“What on earth am I doing here” was the question all six Media Crew Members asked at one stage or another as they took on the task of being the race's eyes and ears for the outside world.
“The first few months I hated it,’’ said CAMPER with Emirates Team New Zealand MCM Hamish Hooper, who went on to claim the 10,000 euros prize from Inmarsat for the outstanding contribution over the course of the race.
It’s no secret that the former video editor suffered from seasickness, an affliction that made competing in the Volvo Ocean Race one of the hardest, yet ultimately rewarding things the Kiwi video editor has ever done.
“There’s something about the challenge and being a part of the team makes you stick around," he said. "Now it’s over I’m really glad I did.’’
During the 39,000 nautical mile ocean marathon the expert media men captured more than 4,000 high resolution images, recorded more than 300 audio interviews and connected sailors to more than 1,000 radio and TV interviews.
The crew used state-of-the-art equipment including five fixed and two hand-held custom built video cameras, still cameras and computers to beam high definition footage, images, audio and words back to shore via Inmarsat satellite technology.
The high-tech equipment captured some of the most iconic images and footage in the race’s 39-year-history including the Team Telefónica’s wave wipe-out in the Southern Ocean and CAMPER’s close encounter with a whale in Leg 7.
The MCMs also had domestic duties to tend to including cooking more than 3,000 meals, bailing tens of thousands of litres of water from the bilge and making too many cups of coffee and tea than they would ever like to remember.
But it's for their incredible technical and journalistic skills that the MCMs will be remembered as they were able to show the world the reality of life at the extreme -- the devastating raw emotion of breaking a mast on the opening night of racing that was enough to bring Abu Dhabi Ocean Racing skipper Ian to tears; the struggle on board PUMA during Leg 5 when they were forced to consider suspending racing to offload two injured crewmen and the elation of winning the 11th edition of the race when Groupama finished in Galway in July.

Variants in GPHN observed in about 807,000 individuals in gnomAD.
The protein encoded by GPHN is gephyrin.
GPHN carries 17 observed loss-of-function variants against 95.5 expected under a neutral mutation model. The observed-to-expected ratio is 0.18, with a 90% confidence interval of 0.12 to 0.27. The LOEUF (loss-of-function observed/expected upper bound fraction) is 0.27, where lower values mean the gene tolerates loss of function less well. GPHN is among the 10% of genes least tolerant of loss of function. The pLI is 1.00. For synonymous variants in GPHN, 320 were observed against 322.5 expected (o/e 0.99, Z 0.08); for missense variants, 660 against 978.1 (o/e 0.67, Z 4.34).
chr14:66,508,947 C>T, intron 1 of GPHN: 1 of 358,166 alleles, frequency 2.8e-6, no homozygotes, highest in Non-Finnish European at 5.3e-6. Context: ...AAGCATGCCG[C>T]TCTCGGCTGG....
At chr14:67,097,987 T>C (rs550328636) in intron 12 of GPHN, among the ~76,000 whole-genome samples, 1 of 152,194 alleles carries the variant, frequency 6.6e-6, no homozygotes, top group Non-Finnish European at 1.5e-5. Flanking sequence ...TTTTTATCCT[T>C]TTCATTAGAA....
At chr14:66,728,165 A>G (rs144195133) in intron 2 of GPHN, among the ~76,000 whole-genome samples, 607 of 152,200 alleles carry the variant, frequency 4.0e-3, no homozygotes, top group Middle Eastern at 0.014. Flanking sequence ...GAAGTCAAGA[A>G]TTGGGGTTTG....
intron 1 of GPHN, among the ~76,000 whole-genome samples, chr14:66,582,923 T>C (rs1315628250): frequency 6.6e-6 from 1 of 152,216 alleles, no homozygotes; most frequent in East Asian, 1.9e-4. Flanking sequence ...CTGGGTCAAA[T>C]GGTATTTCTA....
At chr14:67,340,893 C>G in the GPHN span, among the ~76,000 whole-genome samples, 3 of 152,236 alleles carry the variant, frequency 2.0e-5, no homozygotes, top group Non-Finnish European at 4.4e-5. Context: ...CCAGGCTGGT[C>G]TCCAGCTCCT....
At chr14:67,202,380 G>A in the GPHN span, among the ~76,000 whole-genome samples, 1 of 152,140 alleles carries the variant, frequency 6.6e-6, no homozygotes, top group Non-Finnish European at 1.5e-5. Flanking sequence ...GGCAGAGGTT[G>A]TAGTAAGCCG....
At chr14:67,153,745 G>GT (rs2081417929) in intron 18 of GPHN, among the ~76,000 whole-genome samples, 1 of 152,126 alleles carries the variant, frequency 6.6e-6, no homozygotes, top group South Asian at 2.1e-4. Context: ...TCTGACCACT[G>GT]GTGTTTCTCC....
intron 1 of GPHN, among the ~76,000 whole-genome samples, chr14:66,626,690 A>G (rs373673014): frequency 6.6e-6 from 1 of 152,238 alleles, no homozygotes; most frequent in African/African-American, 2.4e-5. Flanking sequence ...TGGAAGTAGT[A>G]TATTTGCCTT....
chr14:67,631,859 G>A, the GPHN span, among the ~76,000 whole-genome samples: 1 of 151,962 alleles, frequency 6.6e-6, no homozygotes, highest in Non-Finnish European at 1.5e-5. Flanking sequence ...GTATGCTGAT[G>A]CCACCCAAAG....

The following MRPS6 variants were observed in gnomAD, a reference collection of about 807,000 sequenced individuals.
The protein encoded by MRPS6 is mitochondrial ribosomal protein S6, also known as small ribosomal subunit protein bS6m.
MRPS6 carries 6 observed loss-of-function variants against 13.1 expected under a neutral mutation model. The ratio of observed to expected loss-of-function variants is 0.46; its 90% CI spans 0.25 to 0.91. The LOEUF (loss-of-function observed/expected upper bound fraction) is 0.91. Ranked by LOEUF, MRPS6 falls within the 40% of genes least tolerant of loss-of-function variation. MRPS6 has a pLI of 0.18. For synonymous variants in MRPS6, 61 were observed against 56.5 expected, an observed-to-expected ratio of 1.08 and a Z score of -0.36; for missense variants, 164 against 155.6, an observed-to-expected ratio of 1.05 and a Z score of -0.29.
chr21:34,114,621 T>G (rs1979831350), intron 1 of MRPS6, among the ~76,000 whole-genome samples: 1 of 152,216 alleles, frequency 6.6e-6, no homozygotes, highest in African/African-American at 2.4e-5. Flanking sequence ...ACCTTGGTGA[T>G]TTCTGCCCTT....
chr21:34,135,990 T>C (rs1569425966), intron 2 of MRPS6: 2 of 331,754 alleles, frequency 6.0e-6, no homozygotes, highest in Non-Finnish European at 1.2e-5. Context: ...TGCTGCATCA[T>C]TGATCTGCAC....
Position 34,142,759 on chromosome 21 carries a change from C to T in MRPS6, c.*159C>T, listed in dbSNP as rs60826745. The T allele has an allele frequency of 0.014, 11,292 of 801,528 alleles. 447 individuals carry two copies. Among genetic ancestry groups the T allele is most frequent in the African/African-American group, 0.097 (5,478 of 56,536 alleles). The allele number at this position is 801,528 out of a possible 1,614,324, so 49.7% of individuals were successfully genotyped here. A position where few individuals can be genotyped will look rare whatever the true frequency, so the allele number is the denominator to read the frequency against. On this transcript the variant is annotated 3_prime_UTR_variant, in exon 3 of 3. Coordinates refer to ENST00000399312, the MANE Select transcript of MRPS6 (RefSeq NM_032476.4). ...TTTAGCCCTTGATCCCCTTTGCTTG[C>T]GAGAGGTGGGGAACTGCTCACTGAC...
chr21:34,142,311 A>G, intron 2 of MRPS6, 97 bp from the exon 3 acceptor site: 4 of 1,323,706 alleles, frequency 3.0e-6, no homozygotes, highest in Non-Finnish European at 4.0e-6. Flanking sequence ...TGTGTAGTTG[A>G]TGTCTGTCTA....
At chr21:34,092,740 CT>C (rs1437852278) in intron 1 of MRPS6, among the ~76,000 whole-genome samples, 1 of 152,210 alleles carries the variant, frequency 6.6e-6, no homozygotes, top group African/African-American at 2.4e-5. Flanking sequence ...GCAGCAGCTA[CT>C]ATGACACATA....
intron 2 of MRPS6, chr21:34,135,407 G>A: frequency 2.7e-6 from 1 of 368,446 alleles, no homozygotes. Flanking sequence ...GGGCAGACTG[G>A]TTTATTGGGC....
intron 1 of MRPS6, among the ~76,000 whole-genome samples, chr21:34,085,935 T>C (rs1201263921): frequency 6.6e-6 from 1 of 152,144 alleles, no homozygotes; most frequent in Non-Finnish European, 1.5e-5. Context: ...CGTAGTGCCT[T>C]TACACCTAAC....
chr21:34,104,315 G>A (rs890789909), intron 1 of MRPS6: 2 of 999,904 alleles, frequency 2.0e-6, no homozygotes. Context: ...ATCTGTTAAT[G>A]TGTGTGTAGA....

“Our vision is simple, it is true life stories told through relentless ocean racing,’’ said Volvo Ocean Race CEO Knut Frostad, who competed in the 1993 race when onboard communication was first introduced.
Teams were given the choice between taking the media equipment or taking 200 kilograms of lead. “Half the fleet chose the lead,’’ he said. “Sailors thought the equipment was rubbish, that it slowed the boat down and took up space.
"Less than 20 years on, we have revolutionised the sport. We are now the only major sporting event in the world where our athletes communicate directly with the world from the racecourse."
Ireland’s TG4 Sports Editor Ronan O Coisdealbha said the ability to share the story of the world’s longest and toughest sporting event had been given a massive boost by the increase in onboard media presence.
O Coisdealbha recalled that during the 2001-02 Volvo the TV station would produce a monthly highlights package, in 2008/09 that increased to a weekly half-hour and in 2011-12 it made the “extraordinary” jump to daily footage and live coverage of in-port races and leg starts.
“They’ve made it so easy for broadcasters to tell the world about the achievements,’’ he said. “There are a lot of sporting events that haven’t seen this big picture yet. Volvo are leading the way.”
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